Tuesday, February 28, 2017

Bitter

I'm bitter that to save money I went to a community college before I came here.

I'm bitter that to save money I'm here instead of a prestigious university.

I'm bitter I'm lazy.

I'm bitter I'm mentally ill.

I'm bitter I was wronged in the ways I was.

I'm bitter about the world and the fact I have to live in it.

Monday, February 27, 2017

A Part of Me

I feel bad falling back on the good faith of others. But is it because I hate having that relation with people, or because I'm afraid of being caught and having that good faith end?

Sunday, February 19, 2017

Update on Paper

Updated my Technocratic Socialist paper.  I was intending on doing an analysis of Aristotle's Politics within it but I need to do more reading also it seemed like it would be artificially inserted and seem clunky.  So I'm going to put it on the back burner.

Also I did a massive edit on the Rousseau section.

Hope you enjoy.

Saturday, February 18, 2017

Technocratic Socialism


Now, get seven million five hundred thousand votes to declare that two and two make five, that the straight line is the longest road, that the whole is less than its part; get it declared by eight millions, by ten millions, by a hundred millions of votes, you will not have advanced a step. Well, then, now you are going to be surprised. There are axioms in probity, in honesty, in justice, as there are axioms in geometry; and the truths of morality are no more at the mercy of a vote than are the truths of algebra. The notion of good and evil cannot be resolved by universal suffrage. It is not given to a ballot to make the false become the true and the unjust the just. The human conscience cannot be put to the vote.
Victor Hugo
The biggest argument against democracy is a five minute discussion with the average voter.
Winston Churchill

If we are to examine the proper descriptions of statecraft then first we must briefly examine the notions of ‘ought’ pertaining to Sovereignty and rule.  What is the goal of politics?  Why ‘ought’ a Nation be democratic?  Is it because it is the best form of government in providing the most desired things (whether external or traits of the citizenry)?  Or is it similar to the notion that every man should be captain of his own ship even if he leads it into the rocks?  This then is not an argument of pragmatism but of “natural right” or responsibility.  That regardless of consequence, even if a citizenry creates Hell on Earth (or at least Hell of ‘X’ country, for the effects of a populous’ choices and actions in international affairs is another thing to consider), a people ought to govern themselves collectively just as a man ought to have autonomy over his own life regardless of the results.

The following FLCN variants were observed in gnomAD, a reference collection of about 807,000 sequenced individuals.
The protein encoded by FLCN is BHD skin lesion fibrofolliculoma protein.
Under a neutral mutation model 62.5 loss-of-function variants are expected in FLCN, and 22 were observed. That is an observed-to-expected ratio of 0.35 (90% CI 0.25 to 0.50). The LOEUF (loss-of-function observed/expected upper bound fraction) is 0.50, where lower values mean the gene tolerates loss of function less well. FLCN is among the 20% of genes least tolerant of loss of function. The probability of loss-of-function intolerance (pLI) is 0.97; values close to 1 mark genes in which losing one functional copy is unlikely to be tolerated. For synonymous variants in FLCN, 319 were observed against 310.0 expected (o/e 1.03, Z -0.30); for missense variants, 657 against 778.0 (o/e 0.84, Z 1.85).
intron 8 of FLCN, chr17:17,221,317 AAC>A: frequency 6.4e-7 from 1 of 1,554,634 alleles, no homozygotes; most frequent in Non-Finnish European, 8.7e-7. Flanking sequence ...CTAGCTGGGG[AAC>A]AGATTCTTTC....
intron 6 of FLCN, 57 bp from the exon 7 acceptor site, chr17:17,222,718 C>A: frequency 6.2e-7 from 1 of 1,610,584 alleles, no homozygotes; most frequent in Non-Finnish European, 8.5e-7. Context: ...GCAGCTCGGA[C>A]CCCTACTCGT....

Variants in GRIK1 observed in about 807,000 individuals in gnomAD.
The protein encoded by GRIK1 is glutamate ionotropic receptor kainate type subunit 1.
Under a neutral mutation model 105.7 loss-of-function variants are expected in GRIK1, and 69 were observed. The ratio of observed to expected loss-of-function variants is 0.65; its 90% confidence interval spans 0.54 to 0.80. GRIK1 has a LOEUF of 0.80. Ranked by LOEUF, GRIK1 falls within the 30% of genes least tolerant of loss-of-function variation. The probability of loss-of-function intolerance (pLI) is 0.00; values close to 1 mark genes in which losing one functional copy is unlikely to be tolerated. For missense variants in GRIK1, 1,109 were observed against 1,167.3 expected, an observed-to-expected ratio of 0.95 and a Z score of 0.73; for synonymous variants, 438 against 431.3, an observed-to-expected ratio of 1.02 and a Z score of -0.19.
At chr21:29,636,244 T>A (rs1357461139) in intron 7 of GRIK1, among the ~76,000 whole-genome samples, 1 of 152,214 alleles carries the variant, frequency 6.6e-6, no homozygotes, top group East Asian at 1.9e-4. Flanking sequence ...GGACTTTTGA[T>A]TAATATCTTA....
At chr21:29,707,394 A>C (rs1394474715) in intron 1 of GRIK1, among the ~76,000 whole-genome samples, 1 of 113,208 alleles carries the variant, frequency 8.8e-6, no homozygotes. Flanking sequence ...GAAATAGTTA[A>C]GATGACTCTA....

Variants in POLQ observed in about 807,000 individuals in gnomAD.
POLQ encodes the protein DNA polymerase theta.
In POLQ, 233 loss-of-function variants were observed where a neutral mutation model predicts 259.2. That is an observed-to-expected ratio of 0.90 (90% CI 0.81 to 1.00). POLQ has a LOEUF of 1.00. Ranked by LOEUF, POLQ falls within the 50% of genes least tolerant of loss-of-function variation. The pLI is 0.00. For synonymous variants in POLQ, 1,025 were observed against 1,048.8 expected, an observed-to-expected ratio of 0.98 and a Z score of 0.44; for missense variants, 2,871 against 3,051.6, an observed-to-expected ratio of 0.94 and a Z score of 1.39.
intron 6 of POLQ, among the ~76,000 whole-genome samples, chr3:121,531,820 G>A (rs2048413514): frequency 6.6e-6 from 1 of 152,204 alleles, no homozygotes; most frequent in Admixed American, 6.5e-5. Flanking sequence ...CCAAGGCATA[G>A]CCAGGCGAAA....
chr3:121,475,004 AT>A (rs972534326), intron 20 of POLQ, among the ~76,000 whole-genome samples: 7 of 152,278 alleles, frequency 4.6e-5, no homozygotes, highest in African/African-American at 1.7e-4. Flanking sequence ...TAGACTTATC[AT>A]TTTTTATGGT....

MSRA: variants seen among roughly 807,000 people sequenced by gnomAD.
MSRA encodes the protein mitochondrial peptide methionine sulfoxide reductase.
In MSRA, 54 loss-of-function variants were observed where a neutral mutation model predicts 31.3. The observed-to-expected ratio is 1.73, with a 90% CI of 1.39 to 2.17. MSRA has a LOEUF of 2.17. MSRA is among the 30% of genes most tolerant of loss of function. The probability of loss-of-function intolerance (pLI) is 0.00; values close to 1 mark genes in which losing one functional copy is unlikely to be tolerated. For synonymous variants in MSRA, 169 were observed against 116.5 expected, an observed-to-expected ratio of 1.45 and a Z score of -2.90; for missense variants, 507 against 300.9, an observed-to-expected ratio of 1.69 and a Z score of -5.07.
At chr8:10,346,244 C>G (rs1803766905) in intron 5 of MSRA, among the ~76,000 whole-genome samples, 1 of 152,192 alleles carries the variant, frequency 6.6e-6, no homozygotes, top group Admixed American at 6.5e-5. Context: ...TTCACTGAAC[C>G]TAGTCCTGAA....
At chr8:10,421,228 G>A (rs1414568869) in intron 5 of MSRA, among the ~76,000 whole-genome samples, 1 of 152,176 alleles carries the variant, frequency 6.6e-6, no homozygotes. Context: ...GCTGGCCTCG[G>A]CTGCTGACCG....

It is not my purpose to argue for one ought and against another.  But, if pragmatism is to be our measuring stick, our presumed ought, then Democracy fails at its aim.  Its methodology is inherently arbitrary, and subject to the whims of the great mass of people who are on whole mediocre in intellect, selfish and morally corrupt – in another word, anything but great.
If the aim of life is to live well, and this wellness is dependent upon social features outside of our control, it stands to reason that those who both are the most knowledgeable and have the good of the people as their aim (for if a desired end is ‘X’ to have those in charge who do not work towards or desire ‘X’ is the height of foolishness – and yet that is the state of affairs in modern statecraft) should be those who manage society – not those who win popularity contests.  Those who are well liked and those who are capable and eager to create the ideal society (or at least the ideal society considering the far from ideal facts of this existence) share nothing necessarily in common.  In fact, since being well liked depends largely on “showmanship” or superficial qualities, and being competent and well-meaning has to do with virtues and character that are distinct from such qualities, and since to practice one excellence in human action and welfare is necessarily to become deficient in another, it stands to reason that those who are well-liked are likely to be less qualified than their alternatives.  If one trains in gladiatorial battle, one cannot at the same time study to be a proficient mathematician.  So, if being well-liked is in part a skill, that is learned, to engage in the social activity that stimulates this part of the mind is to become deficient or at least less well off in the descriptive knowledge necessary to operate an aspect of society (engineering for example).